MOST people's memories of their teenage years focus on the highs - parties, pranks and "pulls" - rather than lows (parental rucks, tearful break-ups, the unbudgeable zit). It's a mixture much like the rest of life, minus the mortgage. A minority of youngsters, though, do not so much live life as suffer it.
These are the ones who are clinically depressed. The ones who, as did Paul recently, request a chat after tutorial and sit, sobbing, able to account neither for the origins nor the depth of their despair.
When such misery defies explanation from its victim, where else to turn? A good place to start would be the helpline number given at the end of each programme in the three-part television series A Living Hell.
An inquiry into the origins, nature and treatment of depression, the series should prove invaluable not only to psychology teachers but also the rest of us. For these days, alas, there seem to be more and more students like Paul.
Clinical depression can strike anyone at any time, but some seem more prone than others. For presenter and former depressive Lewis Wolpert, the answer lies in an uneven blend of nature and nurture. The "absolute hell" that is the life of one of the depressives interviewed in the opening programme was largely put down to a DNA pattern. Studies of twins bolstered the biological emphasis, with depressive traits more prevalent in identical than non-identical twins. Careful nurturing, said one researcher, does make a difference; but it soon became clear that there were more DNA than TLC links in Wolpert's causal chain.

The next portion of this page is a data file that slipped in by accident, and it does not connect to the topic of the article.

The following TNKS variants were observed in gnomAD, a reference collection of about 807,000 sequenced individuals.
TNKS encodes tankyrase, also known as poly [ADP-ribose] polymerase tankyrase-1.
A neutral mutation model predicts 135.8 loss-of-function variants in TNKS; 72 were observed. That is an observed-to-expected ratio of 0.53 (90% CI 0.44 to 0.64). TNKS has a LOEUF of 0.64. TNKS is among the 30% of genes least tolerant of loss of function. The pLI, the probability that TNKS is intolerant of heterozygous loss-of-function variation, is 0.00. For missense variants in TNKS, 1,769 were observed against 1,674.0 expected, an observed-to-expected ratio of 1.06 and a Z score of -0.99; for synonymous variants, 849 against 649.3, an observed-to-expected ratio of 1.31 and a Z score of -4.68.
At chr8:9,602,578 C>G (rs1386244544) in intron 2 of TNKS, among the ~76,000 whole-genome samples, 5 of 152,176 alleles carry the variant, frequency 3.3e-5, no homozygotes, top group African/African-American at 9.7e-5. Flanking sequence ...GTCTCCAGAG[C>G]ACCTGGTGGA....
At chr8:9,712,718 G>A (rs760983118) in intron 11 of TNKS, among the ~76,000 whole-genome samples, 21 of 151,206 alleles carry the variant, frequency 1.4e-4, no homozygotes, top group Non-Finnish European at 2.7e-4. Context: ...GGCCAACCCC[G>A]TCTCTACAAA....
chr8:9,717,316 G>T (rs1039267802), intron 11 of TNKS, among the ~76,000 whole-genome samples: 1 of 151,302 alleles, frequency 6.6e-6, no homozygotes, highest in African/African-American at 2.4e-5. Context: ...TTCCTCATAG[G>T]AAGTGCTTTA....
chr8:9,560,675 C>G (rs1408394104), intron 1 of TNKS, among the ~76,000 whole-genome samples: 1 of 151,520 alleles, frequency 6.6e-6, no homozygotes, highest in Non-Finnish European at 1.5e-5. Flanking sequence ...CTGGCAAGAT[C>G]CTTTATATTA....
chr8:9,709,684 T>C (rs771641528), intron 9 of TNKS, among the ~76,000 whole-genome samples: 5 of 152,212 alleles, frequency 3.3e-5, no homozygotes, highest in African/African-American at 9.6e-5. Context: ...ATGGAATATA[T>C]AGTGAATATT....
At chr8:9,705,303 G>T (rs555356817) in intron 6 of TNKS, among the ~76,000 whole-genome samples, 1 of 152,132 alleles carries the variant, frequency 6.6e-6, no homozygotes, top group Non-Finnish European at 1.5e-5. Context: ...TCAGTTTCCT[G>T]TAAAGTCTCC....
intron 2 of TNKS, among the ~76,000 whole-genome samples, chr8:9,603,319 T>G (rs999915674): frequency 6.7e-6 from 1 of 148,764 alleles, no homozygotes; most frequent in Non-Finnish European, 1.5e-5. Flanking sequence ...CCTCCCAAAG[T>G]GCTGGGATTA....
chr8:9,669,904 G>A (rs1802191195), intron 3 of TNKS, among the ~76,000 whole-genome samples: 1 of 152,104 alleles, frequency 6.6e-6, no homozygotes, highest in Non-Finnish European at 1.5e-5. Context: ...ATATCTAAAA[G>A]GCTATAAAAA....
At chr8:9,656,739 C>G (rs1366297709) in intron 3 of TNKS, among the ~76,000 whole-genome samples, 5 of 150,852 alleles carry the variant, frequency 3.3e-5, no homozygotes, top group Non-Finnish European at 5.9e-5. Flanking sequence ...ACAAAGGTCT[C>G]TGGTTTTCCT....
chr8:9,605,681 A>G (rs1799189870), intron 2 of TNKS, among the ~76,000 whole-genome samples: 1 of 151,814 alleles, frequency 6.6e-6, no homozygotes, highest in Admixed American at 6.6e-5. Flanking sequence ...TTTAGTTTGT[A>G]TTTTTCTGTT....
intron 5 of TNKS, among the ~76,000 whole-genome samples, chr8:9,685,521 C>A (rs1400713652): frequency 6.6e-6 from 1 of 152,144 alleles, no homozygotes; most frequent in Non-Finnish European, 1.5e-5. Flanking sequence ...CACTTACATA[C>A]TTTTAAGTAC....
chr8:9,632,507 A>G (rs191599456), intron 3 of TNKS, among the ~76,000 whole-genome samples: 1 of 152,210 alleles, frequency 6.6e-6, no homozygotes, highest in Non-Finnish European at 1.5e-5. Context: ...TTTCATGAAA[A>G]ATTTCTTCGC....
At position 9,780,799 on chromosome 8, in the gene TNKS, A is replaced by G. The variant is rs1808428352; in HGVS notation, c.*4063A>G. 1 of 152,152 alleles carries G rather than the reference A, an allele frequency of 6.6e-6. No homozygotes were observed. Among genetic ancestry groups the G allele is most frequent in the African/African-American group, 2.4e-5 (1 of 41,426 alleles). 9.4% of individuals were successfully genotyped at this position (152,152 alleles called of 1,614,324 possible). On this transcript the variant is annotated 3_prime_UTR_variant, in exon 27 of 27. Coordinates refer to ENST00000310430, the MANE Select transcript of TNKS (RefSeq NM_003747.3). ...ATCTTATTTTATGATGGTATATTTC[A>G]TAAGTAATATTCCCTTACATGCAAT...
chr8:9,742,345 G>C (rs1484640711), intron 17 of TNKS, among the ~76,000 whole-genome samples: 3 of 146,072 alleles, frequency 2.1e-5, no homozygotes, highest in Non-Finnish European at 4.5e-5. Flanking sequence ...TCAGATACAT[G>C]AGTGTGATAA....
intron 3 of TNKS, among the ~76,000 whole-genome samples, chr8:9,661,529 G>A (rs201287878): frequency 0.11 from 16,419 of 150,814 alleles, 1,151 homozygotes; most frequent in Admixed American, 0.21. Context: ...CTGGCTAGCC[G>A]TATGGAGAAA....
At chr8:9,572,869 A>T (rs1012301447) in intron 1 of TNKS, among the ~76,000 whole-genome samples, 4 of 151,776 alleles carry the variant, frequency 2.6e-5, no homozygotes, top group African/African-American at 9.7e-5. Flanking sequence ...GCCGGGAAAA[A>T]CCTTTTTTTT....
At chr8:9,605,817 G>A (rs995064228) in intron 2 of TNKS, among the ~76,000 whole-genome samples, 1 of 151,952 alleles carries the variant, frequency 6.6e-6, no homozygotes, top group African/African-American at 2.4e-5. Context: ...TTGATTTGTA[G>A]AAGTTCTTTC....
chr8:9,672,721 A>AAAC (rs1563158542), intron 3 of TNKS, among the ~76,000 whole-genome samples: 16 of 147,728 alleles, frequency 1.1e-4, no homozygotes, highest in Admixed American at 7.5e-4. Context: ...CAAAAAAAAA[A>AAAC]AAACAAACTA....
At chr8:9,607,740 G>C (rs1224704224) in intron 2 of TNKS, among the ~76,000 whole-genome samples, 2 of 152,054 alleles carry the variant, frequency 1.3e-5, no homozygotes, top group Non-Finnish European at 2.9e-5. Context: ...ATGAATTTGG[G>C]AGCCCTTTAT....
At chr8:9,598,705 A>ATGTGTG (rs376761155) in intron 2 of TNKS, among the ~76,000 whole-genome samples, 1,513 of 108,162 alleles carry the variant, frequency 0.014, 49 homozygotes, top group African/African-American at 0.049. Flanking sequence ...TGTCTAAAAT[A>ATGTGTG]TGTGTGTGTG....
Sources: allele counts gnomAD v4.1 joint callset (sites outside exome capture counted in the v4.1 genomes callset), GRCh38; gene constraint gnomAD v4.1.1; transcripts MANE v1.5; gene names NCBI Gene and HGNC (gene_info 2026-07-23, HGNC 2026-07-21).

A memorable example in programme two showed why. Photographs of Beryl Dawson taken at the height of her depression in 1994 showed her as acned, obese and expressionless.
The problem was a tiny tumour on Beryl's lung which, when removed, stemmed what had been an excessive production of the stress hormone cortisol. The contrast between Beryl before and after treatment made one gasp.
Aimee Middlemiss also found relief in drugs, though not before dropping out of university. Now, she knows what to do: "Go to the doctor's, get the pills, and go find someone to talk to."
Like Aimee, Wolpert puts much faith in time and tablets. The trouble is that doctors have more of the second than the first. Where more time should come from is a political question that Wolpert seems unlikely to ask.
In the end what Wolpert offers most is hope, even if it is the kind to be taken three times a day after meals. For that, at least, he should be thanked.
A Living Hell, March 17, BBC2, 11.20-11.55pm. Free confidential helpline (0800-888809) afterwards until 2am, and 9am-3pm next day. Useful information is available on web site: www.bbc.co.ukeducation